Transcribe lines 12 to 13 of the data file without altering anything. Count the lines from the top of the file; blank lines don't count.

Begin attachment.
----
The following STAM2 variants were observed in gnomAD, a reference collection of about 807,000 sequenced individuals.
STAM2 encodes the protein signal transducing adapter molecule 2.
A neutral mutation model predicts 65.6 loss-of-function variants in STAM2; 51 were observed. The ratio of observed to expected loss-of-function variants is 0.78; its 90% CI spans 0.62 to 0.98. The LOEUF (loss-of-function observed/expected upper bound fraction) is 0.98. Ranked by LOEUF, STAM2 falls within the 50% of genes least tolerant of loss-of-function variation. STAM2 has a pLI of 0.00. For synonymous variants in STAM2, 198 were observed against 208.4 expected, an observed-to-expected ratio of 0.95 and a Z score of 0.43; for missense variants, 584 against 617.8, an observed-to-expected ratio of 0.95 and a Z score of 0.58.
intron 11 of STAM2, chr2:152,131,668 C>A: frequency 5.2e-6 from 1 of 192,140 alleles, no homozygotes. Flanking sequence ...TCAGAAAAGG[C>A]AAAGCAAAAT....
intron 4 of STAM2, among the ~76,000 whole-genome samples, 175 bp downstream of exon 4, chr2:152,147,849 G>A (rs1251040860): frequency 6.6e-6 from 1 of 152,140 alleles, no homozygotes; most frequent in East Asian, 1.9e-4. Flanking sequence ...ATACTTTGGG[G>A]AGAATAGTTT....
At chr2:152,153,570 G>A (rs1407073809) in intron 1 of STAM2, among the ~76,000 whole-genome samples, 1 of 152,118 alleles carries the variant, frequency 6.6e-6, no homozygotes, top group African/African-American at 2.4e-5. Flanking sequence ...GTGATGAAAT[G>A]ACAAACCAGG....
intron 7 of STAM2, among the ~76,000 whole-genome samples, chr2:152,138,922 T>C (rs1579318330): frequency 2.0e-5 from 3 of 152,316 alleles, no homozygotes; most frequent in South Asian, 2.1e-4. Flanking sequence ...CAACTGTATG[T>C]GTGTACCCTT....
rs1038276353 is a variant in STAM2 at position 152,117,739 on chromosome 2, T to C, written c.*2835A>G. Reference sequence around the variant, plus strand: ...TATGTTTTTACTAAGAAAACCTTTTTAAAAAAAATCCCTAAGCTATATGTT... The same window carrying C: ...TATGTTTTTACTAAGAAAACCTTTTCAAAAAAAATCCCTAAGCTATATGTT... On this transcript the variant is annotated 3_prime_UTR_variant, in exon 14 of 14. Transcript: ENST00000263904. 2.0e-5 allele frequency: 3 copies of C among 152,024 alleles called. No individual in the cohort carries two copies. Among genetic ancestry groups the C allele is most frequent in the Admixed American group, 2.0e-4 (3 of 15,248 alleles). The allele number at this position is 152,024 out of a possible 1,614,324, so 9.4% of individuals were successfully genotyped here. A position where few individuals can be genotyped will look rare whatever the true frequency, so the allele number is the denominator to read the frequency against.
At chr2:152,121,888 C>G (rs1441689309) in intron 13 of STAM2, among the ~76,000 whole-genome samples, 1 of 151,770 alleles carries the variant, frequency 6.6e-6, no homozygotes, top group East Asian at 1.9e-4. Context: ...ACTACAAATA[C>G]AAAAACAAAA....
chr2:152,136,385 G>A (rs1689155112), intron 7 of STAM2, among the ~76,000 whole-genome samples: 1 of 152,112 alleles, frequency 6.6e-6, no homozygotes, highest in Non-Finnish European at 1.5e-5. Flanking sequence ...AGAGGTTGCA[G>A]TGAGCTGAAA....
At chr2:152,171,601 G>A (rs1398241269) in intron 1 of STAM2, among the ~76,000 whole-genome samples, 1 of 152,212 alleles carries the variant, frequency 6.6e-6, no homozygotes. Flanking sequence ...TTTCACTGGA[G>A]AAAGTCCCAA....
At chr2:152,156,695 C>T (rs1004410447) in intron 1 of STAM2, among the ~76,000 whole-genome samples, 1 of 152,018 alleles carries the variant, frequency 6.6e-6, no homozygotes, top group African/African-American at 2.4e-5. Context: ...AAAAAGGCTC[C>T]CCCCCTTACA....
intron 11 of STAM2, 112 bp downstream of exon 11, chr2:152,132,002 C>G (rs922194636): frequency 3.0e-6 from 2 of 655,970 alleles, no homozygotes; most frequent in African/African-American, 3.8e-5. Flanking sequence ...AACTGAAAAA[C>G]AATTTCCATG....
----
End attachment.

At chr2:152,156,695 C>T (rs1004410447) in intron 1 of STAM2, among the ~76,000 whole-genome samples, 1 of 152,018 alleles carries the variant, frequency 6.6e-6, no homozygotes, top group African/African-American at 2.4e-5. Context: ...AAAAAGGCTC[C>T]CCCCCTTACA....
intron 11 of STAM2, 112 bp downstream of exon 11, chr2:152,132,002 C>G (rs922194636): frequency 3.0e-6 from 2 of 655,970 alleles, no homozygotes; most frequent in African/African-American, 3.8e-5. Flanking sequence ...AACTGAAAAA[C>G]AATTTCCATG....